Reconciliation and Peaceful Co-existence of People in South Sudan

By Jacob K. Lupai

April 4, 2014 (SSNA) — On the 15th December 2013 gun fire flared up in the headquarters of the presidential guards (Al Qiyada) and within hours it spread across the capital of Juba. Precisely in two days, fighting had engulfed the length and breadth of Greater Upper Nile Region.

The uninformed in the world must have been wondering what on earth was happening in South Sudan with people who have just restored peace to their country after destructive wars and much bloodshed. Concerned South Sudanese must have also been wondering to where all this was leading.

For South Sudanese to turn the guns viciously against each other as people of one destiny was totally unacceptable. History may judge the people of South Sudan harshly.

In view of the massive destruction of resources and lives in such a short time that seems to be already polarizing people along ethnic or regional lines, the appropriate approach is reconciliation for a peaceful co-existence of the people of South Sudan.

The world is watching and will judge whether the people of South Sudan are mature and fit to govern themselves in contrast to the people of Somalia in the Horn of Africa. However, South Sudanese should be confident that they can govern themselves. What is important, though, is to rise above ethnic and political differences in order to focus on nation building for prosperity for all.

Reconciliation and peaceful co-existence

There is unlikely to be short cut to peace in South Sudan without the process of reconciliation. For peace to take roots reconciliation should be based on the concept of equitable distribution of power and wealth, and observance of the rule of law. A prosperous nation cannot be built on the basis of discriminatory practices whether knowingly or unknowingly.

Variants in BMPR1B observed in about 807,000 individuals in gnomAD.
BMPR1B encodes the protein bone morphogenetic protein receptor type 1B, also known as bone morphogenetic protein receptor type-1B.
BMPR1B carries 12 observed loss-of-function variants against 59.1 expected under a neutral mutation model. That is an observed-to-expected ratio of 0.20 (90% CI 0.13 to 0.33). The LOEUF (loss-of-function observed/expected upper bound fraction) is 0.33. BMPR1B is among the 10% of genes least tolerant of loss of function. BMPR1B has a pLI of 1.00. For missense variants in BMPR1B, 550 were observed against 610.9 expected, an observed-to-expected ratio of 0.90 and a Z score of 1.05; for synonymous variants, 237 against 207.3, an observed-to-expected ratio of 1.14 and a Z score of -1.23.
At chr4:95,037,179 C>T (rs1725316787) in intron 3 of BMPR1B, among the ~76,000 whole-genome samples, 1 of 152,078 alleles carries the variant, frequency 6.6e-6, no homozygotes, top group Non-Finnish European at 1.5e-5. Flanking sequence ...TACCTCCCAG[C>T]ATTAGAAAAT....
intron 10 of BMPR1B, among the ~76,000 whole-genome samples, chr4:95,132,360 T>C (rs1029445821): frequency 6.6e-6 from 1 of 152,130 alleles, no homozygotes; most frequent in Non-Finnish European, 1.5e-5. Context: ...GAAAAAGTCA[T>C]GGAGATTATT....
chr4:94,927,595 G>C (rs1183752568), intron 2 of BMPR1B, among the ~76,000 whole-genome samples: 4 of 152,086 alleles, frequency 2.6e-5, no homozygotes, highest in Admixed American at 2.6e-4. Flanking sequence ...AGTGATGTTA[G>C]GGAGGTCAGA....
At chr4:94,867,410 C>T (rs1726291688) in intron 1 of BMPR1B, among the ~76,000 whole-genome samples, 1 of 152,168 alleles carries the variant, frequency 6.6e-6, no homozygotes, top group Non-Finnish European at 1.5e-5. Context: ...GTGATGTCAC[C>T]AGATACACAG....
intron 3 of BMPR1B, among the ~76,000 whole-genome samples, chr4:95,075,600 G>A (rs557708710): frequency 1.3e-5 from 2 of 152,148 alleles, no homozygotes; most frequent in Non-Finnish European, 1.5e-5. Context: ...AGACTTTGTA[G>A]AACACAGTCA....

South Sudanese must accept each other from the bottom of their hearts as citizens of one country. The crude scramble for power and economic domination will not be helpful in fostering the spirit of togetherness and national unity. Here a federal system of government may offer a solution.

For a way forward South Sudanese may need to be sensitive about the world around them in contrast to ethno-centricism where one ethnic group dominates the affairs of the nation as though other ethnic groups do not exist. People should treat each other with humility as of one destiny.

Unless people rise above ethno-centricism as, for example, a Dinka protects a defenseless Nuer and a Nuer does vice versa, people are in for a very long bumpy ride to nationhood. Although the present conflict has unfortunately taken ethnic overtones as Dinka versus Nuer, reconciliation efforts should be conducted among South Sudanese of different ethnicities to address grudges and undersurface bitterness against each other.

Self-examination for a way forward

People may need to understand that mistakes have been made either knowingly or unknowingly. A way forward is for people to self-examine themselves and accept that mistakes have been made and to be acknowledged publicly.

For example, land grabbing has been perpetuated by the illiterate, semi-literate and the literate simply because of the seemingly misguided assumption that with their kinsmen in power the rule of law does not apply. This seems to be confirmed when land grabbers are neither condemned nor persecuted often, a license to grab more lands of others.